Wayne State to forfeit state aid tied to tuition restraint
Wayne State University is giving up more than $500,000 in state aid, because this year's tuition hike exceeded a limit set by state lawmakers.
Tuition at Wayne State went up 8.9% this fall. That's more than the 3.75% cap set by the legislature.
A Wayne State spokesman says the tuition hike was necessary to offset years of declining state aid to the university. Matt Lockwood says state funding to the university has decreased by 28% since 2002.
Michael Boulus is with the Presidents Council, State Universities of Michigan. He says universities, including Wayne State, are struggling to cope with reductions to state aid.
“They made a decision -- their board did and their outgoing president -- to make this one-time correction to their tuition,” Bolous said, adding that much of Wayne State's tuition hike went to scholarships for low-income students. “They attract a good portion of their students from Detroit and a significant portion -- I don't know the exact percentage -- but a significant portion of that tuition increase went to need based financial aid.”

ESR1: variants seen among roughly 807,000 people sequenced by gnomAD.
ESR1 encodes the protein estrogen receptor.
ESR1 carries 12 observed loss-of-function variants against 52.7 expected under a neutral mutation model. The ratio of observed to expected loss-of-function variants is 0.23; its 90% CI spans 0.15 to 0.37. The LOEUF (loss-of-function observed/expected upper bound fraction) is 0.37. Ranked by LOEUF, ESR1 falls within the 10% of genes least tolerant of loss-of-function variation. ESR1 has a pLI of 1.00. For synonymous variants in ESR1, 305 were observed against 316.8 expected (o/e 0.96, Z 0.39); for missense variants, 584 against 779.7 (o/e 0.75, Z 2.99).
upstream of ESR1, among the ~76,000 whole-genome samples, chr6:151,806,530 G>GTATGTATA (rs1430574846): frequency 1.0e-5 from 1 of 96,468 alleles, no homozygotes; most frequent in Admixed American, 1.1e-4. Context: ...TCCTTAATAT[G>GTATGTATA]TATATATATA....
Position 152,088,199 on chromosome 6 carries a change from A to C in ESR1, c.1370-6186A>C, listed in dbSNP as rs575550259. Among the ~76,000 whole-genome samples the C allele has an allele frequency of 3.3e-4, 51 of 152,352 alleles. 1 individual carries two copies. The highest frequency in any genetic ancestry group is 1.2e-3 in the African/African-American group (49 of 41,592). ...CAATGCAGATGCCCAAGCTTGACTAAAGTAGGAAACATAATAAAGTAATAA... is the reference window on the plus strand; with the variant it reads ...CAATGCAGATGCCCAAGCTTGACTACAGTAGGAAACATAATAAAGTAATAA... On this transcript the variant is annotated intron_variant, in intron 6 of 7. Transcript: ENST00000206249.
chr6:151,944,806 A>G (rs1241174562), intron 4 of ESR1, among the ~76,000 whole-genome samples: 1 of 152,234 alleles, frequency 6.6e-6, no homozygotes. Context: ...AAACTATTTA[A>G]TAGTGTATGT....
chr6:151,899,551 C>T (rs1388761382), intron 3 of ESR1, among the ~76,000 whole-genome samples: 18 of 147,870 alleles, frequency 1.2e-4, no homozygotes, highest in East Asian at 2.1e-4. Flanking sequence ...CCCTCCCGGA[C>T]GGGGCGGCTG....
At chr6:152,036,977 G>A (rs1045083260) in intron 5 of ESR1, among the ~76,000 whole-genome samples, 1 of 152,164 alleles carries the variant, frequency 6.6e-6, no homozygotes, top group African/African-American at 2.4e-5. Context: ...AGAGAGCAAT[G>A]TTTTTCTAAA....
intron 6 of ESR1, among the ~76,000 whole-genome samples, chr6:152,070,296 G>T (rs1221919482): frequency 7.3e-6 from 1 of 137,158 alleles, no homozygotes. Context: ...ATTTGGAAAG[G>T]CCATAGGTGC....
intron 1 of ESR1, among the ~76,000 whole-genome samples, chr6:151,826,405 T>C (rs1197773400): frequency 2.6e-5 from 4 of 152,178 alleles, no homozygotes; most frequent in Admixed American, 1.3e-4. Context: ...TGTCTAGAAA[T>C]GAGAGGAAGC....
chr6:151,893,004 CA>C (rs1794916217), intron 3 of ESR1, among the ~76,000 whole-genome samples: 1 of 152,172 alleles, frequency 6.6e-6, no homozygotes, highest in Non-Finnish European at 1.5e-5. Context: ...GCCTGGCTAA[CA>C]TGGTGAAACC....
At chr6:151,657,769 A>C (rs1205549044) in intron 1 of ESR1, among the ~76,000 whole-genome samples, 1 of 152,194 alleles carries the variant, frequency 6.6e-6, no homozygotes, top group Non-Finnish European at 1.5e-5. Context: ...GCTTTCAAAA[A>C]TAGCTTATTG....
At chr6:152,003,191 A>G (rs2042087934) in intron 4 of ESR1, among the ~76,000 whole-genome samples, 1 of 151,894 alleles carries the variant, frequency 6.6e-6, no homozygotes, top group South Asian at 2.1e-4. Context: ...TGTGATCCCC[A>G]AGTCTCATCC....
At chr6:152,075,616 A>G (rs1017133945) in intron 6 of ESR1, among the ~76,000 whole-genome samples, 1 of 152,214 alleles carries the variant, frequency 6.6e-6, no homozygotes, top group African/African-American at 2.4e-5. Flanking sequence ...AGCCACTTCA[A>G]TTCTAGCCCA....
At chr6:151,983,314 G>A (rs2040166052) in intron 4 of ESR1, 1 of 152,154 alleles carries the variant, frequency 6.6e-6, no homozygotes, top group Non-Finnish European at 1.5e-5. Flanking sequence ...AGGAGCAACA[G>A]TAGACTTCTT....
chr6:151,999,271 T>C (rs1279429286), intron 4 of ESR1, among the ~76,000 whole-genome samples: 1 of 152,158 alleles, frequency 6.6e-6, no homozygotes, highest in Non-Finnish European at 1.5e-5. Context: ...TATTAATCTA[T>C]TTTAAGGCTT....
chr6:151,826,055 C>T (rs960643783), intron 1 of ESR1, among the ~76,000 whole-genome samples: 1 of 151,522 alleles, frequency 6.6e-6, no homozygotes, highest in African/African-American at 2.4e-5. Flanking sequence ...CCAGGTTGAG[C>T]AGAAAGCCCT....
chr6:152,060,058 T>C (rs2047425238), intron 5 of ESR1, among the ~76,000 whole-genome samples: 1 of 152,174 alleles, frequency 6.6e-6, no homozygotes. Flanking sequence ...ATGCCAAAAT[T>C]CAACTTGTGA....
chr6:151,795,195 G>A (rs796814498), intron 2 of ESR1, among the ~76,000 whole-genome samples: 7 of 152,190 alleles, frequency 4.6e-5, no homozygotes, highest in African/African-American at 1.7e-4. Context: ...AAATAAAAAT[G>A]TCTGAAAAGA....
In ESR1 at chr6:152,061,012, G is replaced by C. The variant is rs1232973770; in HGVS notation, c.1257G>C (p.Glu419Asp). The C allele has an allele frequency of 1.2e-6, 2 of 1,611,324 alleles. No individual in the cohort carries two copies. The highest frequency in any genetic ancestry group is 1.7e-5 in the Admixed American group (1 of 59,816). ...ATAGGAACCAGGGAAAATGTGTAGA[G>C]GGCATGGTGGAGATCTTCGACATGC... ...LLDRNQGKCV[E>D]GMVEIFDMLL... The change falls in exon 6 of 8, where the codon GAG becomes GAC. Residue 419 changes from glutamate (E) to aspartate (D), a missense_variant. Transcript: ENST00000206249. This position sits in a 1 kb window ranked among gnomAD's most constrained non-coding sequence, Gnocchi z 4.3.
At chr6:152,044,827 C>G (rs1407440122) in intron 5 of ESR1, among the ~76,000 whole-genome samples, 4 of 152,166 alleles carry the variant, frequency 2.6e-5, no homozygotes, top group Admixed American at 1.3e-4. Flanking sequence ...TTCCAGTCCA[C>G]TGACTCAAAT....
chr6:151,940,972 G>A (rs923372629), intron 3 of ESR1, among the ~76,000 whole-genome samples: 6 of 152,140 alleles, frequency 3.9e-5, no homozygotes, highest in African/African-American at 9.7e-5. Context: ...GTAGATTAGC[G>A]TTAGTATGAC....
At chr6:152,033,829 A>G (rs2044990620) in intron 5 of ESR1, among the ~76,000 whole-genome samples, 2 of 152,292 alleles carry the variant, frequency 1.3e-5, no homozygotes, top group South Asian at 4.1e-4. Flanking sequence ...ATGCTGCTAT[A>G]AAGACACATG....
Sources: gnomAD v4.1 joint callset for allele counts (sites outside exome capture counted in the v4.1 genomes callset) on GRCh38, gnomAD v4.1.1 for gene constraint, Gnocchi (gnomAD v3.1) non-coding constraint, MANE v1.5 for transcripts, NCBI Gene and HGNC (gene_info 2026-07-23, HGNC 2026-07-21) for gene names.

The tuition increase will raise about $7 million for Wayne State. That's about 13 times what the school will lose in what the state calls “performance funding.”
The money Wayne State is forfeiting will be split among the remaining 14 public universities in Michigan.
--Virginia Gordan, Michigan Radio Newsroom